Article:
We laughed at the sociably arranged latrines in a bath house, mere holes in a semi-circular bench, placed close enough that the users would probably all but have their thighs touching!
We were surprised to be told by our guidebook that the ruins were inhabited until the early 1950’s, when the inhabitants were shuffled out to ‘Nouvelle Dougga’, the new town.
As we wandered the crumbling city of light grey stone, in some places we felt a little like we were walking around the city of Rohan from Lord of the Rings, streets built in tiers into the hillside. The way the city soared above the surrounding emerald plains probably contributed to the impression, too.
We were quite awed, despite being almost chilled to the bone in that nasty wind. We would’ve liked to wander a little longer, but time had run out on us, and the hypothermia probably wouldn’t have held off much longer anyway. We headed back to Nettle, put the heater on full blast, and hit the road, having decided to make the drive to Tunis rather than face another wild-camp.
The drive was, again, very enjoyable as we passed through some really very pretty scenery, enhanced further by that magic late afternoon glow. We spotted the poignant/macabre scene of a stork and her offspring nesting atop a power pylon with the corpse of a prior hatchling fluttering in the breeze, caught on a piece of nest.
Our first glimpse of Tunis as we topped a rise was startling — the sprawl of the city as far as the eye could see was something we weren’t used to, having travelled for the most part through little villages.
Our dusk drive through the capital was very silly — large intersections where, truly, anything goes, and traffic flow is dictated solely by the patience of the drivers involved (‘give way as long as you can be bothered doing so’); traffic lights that no one pays any heed to; impatient drivers edging into the oncoming traffic, pushing others off to the right of the road in the process; pedestrians so oblivious of traffic that I first had to rev the engine to alert the three girls that I was there and trundling along behind them, then had to repeat the process to avoid clocking another guy over the back of the head with my mirror, the footpath devoid of any foot traffic just beside him. It was all fairly relaxed though, and the various impressive feats of insanity we observed mere entertainment as we crawled along through the traffic.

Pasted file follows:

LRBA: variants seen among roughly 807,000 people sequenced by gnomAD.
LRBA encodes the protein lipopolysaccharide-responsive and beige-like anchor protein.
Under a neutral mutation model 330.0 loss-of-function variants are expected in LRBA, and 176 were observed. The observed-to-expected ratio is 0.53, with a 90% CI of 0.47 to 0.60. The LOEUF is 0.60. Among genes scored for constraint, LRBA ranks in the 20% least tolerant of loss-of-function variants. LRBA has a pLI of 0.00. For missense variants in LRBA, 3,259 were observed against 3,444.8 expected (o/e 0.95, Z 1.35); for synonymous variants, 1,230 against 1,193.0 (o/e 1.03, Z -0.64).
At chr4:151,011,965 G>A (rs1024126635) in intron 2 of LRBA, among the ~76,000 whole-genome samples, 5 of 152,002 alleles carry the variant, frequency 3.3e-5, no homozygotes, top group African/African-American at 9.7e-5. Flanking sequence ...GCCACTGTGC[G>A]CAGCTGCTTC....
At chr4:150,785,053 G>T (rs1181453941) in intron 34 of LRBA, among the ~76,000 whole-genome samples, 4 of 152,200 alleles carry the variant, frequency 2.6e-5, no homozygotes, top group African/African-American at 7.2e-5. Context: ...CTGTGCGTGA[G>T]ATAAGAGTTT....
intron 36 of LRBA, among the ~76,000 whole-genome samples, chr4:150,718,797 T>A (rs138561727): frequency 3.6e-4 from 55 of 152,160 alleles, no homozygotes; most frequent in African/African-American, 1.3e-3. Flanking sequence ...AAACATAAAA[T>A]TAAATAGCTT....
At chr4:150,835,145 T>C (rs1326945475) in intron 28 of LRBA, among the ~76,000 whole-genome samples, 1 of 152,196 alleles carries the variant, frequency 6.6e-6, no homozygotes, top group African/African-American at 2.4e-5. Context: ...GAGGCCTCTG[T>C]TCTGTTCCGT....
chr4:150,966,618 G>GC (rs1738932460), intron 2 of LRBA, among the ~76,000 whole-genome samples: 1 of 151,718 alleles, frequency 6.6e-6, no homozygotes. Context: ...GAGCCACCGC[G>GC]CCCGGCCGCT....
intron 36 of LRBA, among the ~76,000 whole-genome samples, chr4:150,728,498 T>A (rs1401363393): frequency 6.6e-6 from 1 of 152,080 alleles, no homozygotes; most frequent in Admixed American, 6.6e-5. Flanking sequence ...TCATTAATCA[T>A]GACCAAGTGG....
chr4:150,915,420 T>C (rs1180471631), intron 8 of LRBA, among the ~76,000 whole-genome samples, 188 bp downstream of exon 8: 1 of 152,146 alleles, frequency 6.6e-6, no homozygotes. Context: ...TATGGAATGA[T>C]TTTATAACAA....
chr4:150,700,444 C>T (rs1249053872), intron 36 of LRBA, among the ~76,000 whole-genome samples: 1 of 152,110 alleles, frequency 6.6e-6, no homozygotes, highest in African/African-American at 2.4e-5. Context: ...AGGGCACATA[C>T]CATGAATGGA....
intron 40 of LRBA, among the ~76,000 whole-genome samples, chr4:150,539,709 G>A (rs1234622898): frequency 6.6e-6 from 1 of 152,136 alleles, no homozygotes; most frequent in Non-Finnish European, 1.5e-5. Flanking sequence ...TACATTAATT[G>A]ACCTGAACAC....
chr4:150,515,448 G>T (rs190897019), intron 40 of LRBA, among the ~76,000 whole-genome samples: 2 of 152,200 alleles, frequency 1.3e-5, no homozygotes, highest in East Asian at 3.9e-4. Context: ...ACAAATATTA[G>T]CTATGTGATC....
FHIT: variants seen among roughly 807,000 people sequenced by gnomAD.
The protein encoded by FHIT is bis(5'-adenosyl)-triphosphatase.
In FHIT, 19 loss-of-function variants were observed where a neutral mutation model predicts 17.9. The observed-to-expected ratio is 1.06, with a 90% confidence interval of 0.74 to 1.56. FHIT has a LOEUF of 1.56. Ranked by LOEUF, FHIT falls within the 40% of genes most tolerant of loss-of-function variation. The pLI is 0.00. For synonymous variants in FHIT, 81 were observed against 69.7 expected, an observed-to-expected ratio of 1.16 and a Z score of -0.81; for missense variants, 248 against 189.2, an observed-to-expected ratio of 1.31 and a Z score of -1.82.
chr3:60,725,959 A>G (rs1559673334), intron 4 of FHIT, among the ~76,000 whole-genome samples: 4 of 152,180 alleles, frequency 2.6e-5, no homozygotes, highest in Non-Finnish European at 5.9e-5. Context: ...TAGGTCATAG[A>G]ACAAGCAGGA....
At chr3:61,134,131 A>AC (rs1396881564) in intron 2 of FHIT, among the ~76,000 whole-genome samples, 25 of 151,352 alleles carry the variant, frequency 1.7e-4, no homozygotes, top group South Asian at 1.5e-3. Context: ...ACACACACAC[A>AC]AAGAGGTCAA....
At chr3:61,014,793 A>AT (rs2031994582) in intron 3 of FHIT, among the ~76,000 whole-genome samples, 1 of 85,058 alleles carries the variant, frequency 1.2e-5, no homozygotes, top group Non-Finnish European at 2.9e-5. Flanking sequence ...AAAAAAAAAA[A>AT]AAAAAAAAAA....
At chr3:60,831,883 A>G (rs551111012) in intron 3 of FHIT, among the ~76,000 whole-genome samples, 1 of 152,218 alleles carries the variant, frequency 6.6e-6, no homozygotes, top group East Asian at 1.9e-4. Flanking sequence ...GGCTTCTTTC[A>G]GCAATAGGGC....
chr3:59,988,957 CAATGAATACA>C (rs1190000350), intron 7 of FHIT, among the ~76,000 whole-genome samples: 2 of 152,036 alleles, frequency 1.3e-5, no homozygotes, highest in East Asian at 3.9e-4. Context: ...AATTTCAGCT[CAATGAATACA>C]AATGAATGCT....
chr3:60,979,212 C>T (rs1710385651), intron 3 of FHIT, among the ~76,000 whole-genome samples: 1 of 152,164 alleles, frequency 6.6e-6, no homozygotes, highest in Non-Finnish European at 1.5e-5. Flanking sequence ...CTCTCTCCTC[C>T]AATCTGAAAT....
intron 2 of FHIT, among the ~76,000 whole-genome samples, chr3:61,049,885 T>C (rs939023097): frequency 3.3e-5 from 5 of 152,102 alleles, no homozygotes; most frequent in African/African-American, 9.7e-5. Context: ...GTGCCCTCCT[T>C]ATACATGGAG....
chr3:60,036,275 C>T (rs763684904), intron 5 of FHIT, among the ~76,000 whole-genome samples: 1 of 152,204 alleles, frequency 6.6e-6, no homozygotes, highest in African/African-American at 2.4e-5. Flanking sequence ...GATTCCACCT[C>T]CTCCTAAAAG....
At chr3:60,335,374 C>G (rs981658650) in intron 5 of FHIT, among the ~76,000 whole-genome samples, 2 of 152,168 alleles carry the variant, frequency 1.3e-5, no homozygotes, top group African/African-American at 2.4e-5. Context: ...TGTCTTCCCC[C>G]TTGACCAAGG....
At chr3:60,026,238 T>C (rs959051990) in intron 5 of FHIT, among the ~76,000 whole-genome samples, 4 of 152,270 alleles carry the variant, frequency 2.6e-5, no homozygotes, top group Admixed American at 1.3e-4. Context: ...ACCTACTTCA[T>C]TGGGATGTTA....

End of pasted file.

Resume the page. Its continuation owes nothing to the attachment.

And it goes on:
We were a bit disappointed when we arrived at our destination — a car park that Birgit and Dieter had suggested to us — having pictured something like the basic-but-secure car park-cum-caravan park in Palermo, walled in with a gate. Instead, it was a wide open shopping centre car park, beside a park; not particularly well-lit, and the guy that met us as we drove in said we could only stay a night, instead of the flexibility we were expecting. Still, it was a place to stop, and we closed up for the night, hoping for no whiskey-seekers.